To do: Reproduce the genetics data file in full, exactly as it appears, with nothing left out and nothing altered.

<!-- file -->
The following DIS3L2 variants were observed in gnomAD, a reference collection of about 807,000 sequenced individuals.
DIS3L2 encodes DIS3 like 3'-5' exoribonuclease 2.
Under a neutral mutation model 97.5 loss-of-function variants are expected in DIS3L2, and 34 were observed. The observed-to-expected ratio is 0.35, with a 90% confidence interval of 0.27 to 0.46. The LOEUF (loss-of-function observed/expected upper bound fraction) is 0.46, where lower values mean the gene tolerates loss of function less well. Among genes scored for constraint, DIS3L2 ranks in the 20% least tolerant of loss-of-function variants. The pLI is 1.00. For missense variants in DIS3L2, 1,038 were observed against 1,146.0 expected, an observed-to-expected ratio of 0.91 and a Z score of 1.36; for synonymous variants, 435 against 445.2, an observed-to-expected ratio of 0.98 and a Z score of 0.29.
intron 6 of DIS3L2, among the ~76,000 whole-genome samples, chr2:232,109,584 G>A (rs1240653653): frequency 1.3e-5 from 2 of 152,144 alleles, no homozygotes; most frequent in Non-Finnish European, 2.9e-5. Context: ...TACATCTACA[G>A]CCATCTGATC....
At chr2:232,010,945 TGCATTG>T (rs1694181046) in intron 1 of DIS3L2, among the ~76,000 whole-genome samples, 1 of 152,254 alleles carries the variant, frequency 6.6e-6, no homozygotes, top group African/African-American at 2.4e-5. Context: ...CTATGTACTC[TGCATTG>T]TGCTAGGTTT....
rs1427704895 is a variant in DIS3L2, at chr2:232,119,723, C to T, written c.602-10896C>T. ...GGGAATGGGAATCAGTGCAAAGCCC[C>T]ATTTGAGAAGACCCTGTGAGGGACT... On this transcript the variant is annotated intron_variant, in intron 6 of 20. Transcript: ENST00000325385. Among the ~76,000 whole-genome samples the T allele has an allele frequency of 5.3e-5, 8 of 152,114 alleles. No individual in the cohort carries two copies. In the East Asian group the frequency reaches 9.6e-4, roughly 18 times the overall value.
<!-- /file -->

The following DIS3L2 variants were observed in gnomAD, a reference collection of about 807,000 sequenced individuals.
DIS3L2 encodes DIS3 like 3'-5' exoribonuclease 2.
Under a neutral mutation model 97.5 loss-of-function variants are expected in DIS3L2, and 34 were observed. The observed-to-expected ratio is 0.35, with a 90% confidence interval of 0.27 to 0.46. The LOEUF (loss-of-function observed/expected upper bound fraction) is 0.46, where lower values mean the gene tolerates loss of function less well. Among genes scored for constraint, DIS3L2 ranks in the 20% least tolerant of loss-of-function variants. The pLI is 1.00. For missense variants in DIS3L2, 1,038 were observed against 1,146.0 expected, an observed-to-expected ratio of 0.91 and a Z score of 1.36; for synonymous variants, 435 against 445.2, an observed-to-expected ratio of 0.98 and a Z score of 0.29.
intron 6 of DIS3L2, among the ~76,000 whole-genome samples, chr2:232,109,584 G>A (rs1240653653): frequency 1.3e-5 from 2 of 152,144 alleles, no homozygotes; most frequent in Non-Finnish European, 2.9e-5. Context: ...TACATCTACA[G>A]CCATCTGATC....
At chr2:232,010,945 TGCATTG>T (rs1694181046) in intron 1 of DIS3L2, among the ~76,000 whole-genome samples, 1 of 152,254 alleles carries the variant, frequency 6.6e-6, no homozygotes, top group African/African-American at 2.4e-5. Context: ...CTATGTACTC[TGCATTG>T]TGCTAGGTTT....
rs1427704895 is a variant in DIS3L2, at chr2:232,119,723, C to T, written c.602-10896C>T. ...GGGAATGGGAATCAGTGCAAAGCCC[C>T]ATTTGAGAAGACCCTGTGAGGGACT... On this transcript the variant is annotated intron_variant, in intron 6 of 20. Transcript: ENST00000325385. Among the ~76,000 whole-genome samples the T allele has an allele frequency of 5.3e-5, 8 of 152,114 alleles. No individual in the cohort carries two copies. In the East Asian group the frequency reaches 9.6e-4, roughly 18 times the overall value.